Lunch: Summer salad with sardines. Mix salad leaves, cucumber, tomato, peppers, red onion and black olives. Add a can of sardines. Dress with olive oil, red wine vinegar and black pepper.
Dinner: Mushroom stir-fry. Stir-fry 300g chopped shiitake mushrooms in a wok in hot olive oil with garlic, chilli and ginger (remember to leave them out to soak up some vitamin D first!). Mix with 1 portion of cooked pasta. Sprinkle over Parmesan, black pepper and sliced spring onions.
Breakfast: Red pepper and goat’s cheese frittata. Flash-fry some chopped red peppers and onion with olive oil. Whisk two eggs in a bowl with salt and pepper. Pour eggs over the pepper and onion. Sprinkle over some crumbled goat’s cheese.
Lunch: Salad Niçoise. Mix salad leaves, tomatoes, new potatoes, green beans, red onion and asparagus with a small can of tuna and sliced boiled egg. Add vinaigrette.
Dinner: Spicy salmon with spinach and brown rice. Marinate 1 salmon fillet in chilli, coriander, cumin, paprika, salt and pepper, and bake. Serve with a handful of spinach and 1 portion brown rice.
Breakfast: One small pot natural live yogurt with added blueberries, nuts, seeds and mint leaves.
Lunch: Grilled portobello mushroom with halloumi cheese. Grill one portobello mushroom, halved, topped with sliced halloumi. Serve in 1 wholemeal pitta bread with chopped red onion and salad leaves.
Dinner: Tuna steak with green veg and sweet potato wedges. Coat tuna with honey, soy sauce and olive oil. Pan-fry and serve with vegetables and baked sweet potato wedges.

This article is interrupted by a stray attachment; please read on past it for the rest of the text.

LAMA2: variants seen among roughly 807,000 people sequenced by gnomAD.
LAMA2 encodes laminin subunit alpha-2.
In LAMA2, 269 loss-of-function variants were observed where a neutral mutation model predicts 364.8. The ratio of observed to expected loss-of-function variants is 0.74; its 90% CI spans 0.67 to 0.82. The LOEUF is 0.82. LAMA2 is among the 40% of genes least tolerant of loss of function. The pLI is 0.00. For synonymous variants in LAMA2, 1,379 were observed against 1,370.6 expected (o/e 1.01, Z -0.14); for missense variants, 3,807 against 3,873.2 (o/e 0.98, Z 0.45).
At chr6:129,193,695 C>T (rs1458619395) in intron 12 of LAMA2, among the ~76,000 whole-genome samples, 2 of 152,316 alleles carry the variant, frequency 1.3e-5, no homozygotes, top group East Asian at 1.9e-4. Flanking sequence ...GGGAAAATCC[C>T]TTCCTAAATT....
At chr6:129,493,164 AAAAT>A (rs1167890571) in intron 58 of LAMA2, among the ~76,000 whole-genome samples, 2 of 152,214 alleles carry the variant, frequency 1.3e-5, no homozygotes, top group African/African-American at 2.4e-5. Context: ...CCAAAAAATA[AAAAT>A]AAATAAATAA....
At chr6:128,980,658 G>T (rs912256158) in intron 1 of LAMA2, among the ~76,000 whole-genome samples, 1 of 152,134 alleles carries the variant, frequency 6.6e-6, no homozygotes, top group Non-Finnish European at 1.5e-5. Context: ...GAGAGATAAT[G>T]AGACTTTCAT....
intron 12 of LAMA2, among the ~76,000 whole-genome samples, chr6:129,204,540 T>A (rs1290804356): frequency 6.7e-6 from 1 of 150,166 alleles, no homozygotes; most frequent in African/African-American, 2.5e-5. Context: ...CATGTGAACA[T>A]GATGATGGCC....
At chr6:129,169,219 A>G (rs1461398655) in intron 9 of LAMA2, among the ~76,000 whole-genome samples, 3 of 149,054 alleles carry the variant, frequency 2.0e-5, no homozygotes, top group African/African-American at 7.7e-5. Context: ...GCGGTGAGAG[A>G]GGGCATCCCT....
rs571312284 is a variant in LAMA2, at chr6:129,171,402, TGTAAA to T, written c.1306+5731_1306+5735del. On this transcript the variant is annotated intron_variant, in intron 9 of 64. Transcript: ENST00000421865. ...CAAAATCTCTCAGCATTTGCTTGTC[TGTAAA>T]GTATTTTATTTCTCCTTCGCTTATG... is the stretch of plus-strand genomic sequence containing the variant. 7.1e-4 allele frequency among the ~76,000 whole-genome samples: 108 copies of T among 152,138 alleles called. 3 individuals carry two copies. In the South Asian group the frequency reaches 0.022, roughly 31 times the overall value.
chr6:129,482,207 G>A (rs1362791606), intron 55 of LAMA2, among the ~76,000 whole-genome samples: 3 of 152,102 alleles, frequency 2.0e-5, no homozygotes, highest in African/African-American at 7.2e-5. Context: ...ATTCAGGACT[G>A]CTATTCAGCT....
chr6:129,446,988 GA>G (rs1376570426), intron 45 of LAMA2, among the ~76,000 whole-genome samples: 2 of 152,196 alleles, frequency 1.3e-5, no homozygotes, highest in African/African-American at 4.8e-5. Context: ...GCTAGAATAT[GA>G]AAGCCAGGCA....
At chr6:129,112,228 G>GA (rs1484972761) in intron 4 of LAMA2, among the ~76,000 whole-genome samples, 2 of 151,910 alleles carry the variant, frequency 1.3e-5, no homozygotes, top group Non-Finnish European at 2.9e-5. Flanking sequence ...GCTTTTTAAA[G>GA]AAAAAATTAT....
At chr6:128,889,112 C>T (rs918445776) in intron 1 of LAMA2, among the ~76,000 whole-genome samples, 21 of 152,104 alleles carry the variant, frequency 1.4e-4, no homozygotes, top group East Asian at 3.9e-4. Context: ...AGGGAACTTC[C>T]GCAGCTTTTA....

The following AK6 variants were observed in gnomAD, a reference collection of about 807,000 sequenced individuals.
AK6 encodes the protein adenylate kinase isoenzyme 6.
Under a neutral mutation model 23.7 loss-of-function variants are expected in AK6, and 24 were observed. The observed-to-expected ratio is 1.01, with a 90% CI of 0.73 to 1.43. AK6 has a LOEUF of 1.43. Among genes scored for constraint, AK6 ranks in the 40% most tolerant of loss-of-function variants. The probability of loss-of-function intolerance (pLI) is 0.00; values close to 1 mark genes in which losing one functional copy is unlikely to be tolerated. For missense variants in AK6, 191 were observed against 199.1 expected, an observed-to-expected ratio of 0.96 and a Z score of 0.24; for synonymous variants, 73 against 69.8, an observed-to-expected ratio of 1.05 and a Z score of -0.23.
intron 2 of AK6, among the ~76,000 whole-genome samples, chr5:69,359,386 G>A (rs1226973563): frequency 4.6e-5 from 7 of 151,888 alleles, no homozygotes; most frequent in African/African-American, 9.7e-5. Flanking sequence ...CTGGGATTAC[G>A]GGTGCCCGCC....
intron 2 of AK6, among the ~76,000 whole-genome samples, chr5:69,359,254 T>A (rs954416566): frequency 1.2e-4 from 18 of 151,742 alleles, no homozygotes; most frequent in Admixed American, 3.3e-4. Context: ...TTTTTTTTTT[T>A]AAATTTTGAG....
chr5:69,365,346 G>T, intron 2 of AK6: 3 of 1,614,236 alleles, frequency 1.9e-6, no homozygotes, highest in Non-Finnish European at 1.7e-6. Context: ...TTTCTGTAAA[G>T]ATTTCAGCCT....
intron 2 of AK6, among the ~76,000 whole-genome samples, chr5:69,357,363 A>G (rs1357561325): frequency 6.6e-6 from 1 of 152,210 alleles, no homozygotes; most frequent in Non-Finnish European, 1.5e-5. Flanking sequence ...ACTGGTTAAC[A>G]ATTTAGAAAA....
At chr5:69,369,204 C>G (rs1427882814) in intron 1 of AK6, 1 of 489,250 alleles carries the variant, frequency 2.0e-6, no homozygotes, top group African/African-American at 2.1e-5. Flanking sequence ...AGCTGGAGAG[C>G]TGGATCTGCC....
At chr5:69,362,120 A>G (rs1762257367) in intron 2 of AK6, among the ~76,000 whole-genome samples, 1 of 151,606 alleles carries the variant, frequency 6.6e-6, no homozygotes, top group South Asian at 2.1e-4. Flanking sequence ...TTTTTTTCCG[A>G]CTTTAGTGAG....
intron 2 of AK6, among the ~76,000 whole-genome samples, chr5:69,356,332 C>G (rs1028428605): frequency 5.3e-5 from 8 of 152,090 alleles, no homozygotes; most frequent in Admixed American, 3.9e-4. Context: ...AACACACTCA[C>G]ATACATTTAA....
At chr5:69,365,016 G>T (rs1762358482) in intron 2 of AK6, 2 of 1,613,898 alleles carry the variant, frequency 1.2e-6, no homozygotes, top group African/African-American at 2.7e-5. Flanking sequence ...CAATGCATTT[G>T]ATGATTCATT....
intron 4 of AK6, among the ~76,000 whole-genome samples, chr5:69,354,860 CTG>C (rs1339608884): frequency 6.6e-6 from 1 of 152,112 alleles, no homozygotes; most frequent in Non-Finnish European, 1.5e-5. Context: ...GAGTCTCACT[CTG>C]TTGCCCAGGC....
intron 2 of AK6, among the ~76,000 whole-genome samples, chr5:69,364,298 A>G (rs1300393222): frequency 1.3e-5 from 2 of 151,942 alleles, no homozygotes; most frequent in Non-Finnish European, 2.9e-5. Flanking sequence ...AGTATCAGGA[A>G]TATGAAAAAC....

Breakfast: Poached egg with a good handful of wilted spinach.
Lunch: Tofu and vegetable stir-fry. Stir-fry chopped tofu and vegetables (eg, green beans, carrots, etc.) in olive oil with chilli, garlic and ginger.
Dinner: Pork chops with mushroom sauce and vegetables. Grill two small chops. Make sauce of 1tbsp cream, 3tbsp white wine, 1⁄2tbsp olive oil, herbs and veg stock. Serve with colorful veg such as carrots, broccoli and sweetcorn.
Breakfast: One large tbsp cottage cheese with chives on 1 slice rye bread.
Lunch: Seafood salad with papaya. Mix prawns, mussels and shrimps with salad leaves, spring onions, green peppers, cucumber and sliced papaya. Drizzle with olive oil and lemon juice.
Dinner: Grilled fish with vegetables. Grill one portion fish – choose from trout, salmon, fresh mackerel or herring. Serve with a selection of vegetables.
Lucy is a freelance journalist specializing in health, fitness and lifestyle. She was previously the Health and Fitness Editor across various women's magazines, including Woman&Home, Woman and Woman’s Own as well as Editor of Feel Good You. She has also previously written for titles including Now, Look, Cosmopolitan, GQ, Red and The Sun.
She lives and breathes all things fitness; working out every morning with a mix of running, weights, boxing and long walks. Lucy is a Level 3 personal trainer and teaches classes at various London studios. Plus, she's pre- and post-natal trained and helps new mums get back into fitness after the birth of their baby. Lucy claims that good sleep, plenty of food and a healthy gut (seriously, it's an obsession) are the key to maintaining energy and exercising efficiently. Saying this, she's partial to many classes of champagne and tequila on the rocks whilst out with her friends.
Types of protein
Nutrition What are the different types of protein and why is protein important? We’ve spoken to the experts
By Lou Mudge • Published
7 dietitian-approved weight loss hacks that actually work
There’s no cheat-sheet to weight loss, but these dietitian-approved weight loss hacks can actually make a difference
By Mollie Davies • Published